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Research Papers

Comparative Study on Tube-Load Modeling of Arterial Hemodynamics in Humans

[+] Author and Article Information
Mohammad Rashedi

Department of Chemical and
Materials Engineering,
University of Alberta,
Edmonton, T6G2V4, Canada

Nima Fazeli

Department of Mechanical Engineering,
University of Maryland,
College Park, MD 20742

Alyssa Chappell, Barry A. Finegan

Department of Anesthesiology
and Pain Medicine,
University of Alberta,
Edmonton, T6G2G3, Canada

Roderick MacArthur

Department of Medicine (Cardiac Surgery),
University of Alberta,
Edmonton, T6G2B7, Canada

M. Sean McMurtry

Department of Medicine (Cardiology),
University of Alberta,
Edmonton, T6G2S2, Canada

Jin-Oh Hahn

Department of Mechanical Engineering,
University of Maryland,
College Park, MD 20742

Contributed by the Bioengineering Division of ASME for publication in the Journal of Biomechanical Engineering. Manuscript received October 13, 2012; final manuscript received December 1, 2012; accepted manuscript posted January 10, 2013; published online February 11, 2013. Assoc. Editor: Tim David.

J Biomech Eng 135(3), 031005 (Feb 11, 2013) (9 pages) Paper No: BIO-12-1481; doi: 10.1115/1.4023373 History: Received October 13, 2012; Revised December 01, 2012; Accepted January 10, 2013

In this paper, we assess the validity of two alternative tube-load models for describing the relationship between central aortic and peripheral arterial blood pressure (BP) waveforms in humans. In particular, a single-tube (1-TL) model and a serially connected two-tube (2-TL) model, both terminated with a Windkessel load, are considered as candidate representations of central aortic-peripheral arterial path. Using the central aortic, radial and femoral BP waveform data collected from eight human subjects undergoing coronary artery bypass graft with cardiopulmonary bypass procedure, the fidelity of the tube-load models was quantified and compared with each other. Both models could fit the central aortic-radial and central aortic-femoral BP waveform pairs effectively. Specifically, the models could estimate pulse travel time (PTT) accurately, and the model-derived frequency response was also close to the empirical transfer function estimate obtained directly from the central aortic and peripheral BP waveform data. However, 2-TL model was consistently superior to 1-TL model with statistical significance as far as the accuracy of the central aortic BP waveform was concerned. Indeed, the average waveform RMSE was 2.52 mmHg versus 3.24 mmHg for 2-TL and 1-TL models, respectively (p < 0.05); the r2 value between measured and estimated central aortic BP waveforms was 0.96 and 0.93 for 2-TL and 1-TL models, respectively (p < 0.05). We concluded that the tube-load models considered in this paper are valid representations that can accurately reproduce central aortic-radial/femoral BP waveform relationships in humans, although the 2-TL model is preferred if an accurate central aortic BP waveform is highly desired.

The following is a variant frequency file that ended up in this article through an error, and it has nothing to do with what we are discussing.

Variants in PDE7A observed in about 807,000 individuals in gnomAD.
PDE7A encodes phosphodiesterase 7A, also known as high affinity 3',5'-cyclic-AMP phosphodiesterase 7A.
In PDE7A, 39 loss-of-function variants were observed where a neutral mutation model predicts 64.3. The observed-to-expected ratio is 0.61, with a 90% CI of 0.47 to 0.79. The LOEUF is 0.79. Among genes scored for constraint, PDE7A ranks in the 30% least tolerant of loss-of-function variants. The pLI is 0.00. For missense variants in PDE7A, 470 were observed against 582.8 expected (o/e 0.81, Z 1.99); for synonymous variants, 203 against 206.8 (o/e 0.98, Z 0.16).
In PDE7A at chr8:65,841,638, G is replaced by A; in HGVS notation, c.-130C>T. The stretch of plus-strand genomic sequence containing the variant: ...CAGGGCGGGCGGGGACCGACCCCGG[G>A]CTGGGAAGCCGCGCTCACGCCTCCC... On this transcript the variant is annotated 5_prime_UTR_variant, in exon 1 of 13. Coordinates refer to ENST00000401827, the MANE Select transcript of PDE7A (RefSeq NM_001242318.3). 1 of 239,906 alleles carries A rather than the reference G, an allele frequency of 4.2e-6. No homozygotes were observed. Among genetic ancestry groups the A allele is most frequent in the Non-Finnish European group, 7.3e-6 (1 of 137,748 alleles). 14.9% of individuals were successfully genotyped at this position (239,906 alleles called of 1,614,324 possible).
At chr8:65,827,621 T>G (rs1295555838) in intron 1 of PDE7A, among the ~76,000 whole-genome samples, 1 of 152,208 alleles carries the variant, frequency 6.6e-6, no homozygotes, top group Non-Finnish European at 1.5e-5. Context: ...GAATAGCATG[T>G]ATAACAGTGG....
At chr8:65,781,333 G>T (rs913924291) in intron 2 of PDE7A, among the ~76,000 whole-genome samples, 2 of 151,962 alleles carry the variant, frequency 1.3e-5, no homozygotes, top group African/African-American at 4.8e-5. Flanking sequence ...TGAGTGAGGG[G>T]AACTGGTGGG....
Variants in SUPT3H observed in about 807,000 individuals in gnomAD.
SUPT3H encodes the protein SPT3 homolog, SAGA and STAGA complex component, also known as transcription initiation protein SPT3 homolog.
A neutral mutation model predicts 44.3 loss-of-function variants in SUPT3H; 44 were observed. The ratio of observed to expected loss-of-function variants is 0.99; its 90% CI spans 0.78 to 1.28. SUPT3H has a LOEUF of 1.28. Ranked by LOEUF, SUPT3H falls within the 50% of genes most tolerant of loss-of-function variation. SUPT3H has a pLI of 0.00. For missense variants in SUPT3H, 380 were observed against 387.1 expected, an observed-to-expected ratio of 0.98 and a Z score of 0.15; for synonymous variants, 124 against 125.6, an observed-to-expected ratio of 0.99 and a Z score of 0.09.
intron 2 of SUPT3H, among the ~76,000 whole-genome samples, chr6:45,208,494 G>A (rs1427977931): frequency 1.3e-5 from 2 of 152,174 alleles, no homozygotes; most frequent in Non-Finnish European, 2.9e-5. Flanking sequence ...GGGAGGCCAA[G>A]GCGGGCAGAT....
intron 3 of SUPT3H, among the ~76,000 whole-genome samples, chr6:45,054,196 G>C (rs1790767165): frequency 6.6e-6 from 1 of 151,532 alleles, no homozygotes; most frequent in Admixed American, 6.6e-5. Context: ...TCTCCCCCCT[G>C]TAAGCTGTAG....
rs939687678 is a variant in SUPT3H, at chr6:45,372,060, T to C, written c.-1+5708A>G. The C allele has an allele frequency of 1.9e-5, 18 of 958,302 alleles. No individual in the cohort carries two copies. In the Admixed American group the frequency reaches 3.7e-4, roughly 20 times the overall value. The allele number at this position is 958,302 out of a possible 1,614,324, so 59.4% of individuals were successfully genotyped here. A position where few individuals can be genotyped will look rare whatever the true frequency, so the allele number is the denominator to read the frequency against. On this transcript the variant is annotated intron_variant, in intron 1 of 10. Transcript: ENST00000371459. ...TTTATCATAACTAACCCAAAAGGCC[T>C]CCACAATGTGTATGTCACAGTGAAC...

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Figures

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Fig. 1

Tube-load models for representation of a central aortic-peripheral arterial path

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Fig. 2

Experimental setup for BP data acquisition

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Fig. 3

Box plot of tube-load model parameters

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Fig. 4

Measured versus estimated central aortic BP waveforms and upper/lower-limb frequency responses (subject #4, precardiopulmonary bypass)

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Fig. 5

Correlation and limits of agreement between measured versus estimated central aortic BP waveforms (subject #4, precardiopulmonary bypass)

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Fig. 6

Correlation between measured versus estimated PTT values (all subjects, upper- and lower-limb, pre- and post-cardiopulmonary bypass combined)

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